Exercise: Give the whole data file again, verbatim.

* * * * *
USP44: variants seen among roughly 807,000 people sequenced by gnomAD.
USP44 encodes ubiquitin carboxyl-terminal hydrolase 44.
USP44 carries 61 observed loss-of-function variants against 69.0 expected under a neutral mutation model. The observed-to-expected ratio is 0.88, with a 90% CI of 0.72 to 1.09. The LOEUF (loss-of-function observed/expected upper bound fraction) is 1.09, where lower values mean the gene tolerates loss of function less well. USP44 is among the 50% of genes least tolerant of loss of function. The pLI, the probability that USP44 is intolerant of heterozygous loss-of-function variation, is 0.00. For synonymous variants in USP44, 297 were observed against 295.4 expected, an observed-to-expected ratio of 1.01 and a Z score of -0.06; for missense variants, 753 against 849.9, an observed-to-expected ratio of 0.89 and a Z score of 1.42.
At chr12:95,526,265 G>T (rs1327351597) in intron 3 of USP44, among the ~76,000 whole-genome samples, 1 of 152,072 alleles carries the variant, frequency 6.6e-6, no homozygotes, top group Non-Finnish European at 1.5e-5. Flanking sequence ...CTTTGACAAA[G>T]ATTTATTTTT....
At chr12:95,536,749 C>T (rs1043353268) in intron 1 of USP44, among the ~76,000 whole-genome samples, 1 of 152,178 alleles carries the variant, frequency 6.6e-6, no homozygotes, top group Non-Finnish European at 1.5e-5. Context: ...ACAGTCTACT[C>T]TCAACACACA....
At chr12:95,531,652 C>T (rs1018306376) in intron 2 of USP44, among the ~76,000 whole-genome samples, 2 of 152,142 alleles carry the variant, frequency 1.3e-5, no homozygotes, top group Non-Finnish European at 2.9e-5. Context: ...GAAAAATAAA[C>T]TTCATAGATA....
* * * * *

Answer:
USP44: variants seen among roughly 807,000 people sequenced by gnomAD.
USP44 encodes ubiquitin carboxyl-terminal hydrolase 44.
USP44 carries 61 observed loss-of-function variants against 69.0 expected under a neutral mutation model. The observed-to-expected ratio is 0.88, with a 90% CI of 0.72 to 1.09. The LOEUF (loss-of-function observed/expected upper bound fraction) is 1.09, where lower values mean the gene tolerates loss of function less well. USP44 is among the 50% of genes least tolerant of loss of function. The pLI, the probability that USP44 is intolerant of heterozygous loss-of-function variation, is 0.00. For synonymous variants in USP44, 297 were observed against 295.4 expected, an observed-to-expected ratio of 1.01 and a Z score of -0.06; for missense variants, 753 against 849.9, an observed-to-expected ratio of 0.89 and a Z score of 1.42.
At chr12:95,526,265 G>T (rs1327351597) in intron 3 of USP44, among the ~76,000 whole-genome samples, 1 of 152,072 alleles carries the variant, frequency 6.6e-6, no homozygotes, top group Non-Finnish European at 1.5e-5. Flanking sequence ...CTTTGACAAA[G>T]ATTTATTTTT....
At chr12:95,536,749 C>T (rs1043353268) in intron 1 of USP44, among the ~76,000 whole-genome samples, 1 of 152,178 alleles carries the variant, frequency 6.6e-6, no homozygotes, top group Non-Finnish European at 1.5e-5. Context: ...ACAGTCTACT[C>T]TCAACACACA....
At chr12:95,531,652 C>T (rs1018306376) in intron 2 of USP44, among the ~76,000 whole-genome samples, 2 of 152,142 alleles carry the variant, frequency 1.3e-5, no homozygotes, top group Non-Finnish European at 2.9e-5. Context: ...GAAAAATAAA[C>T]TTCATAGATA....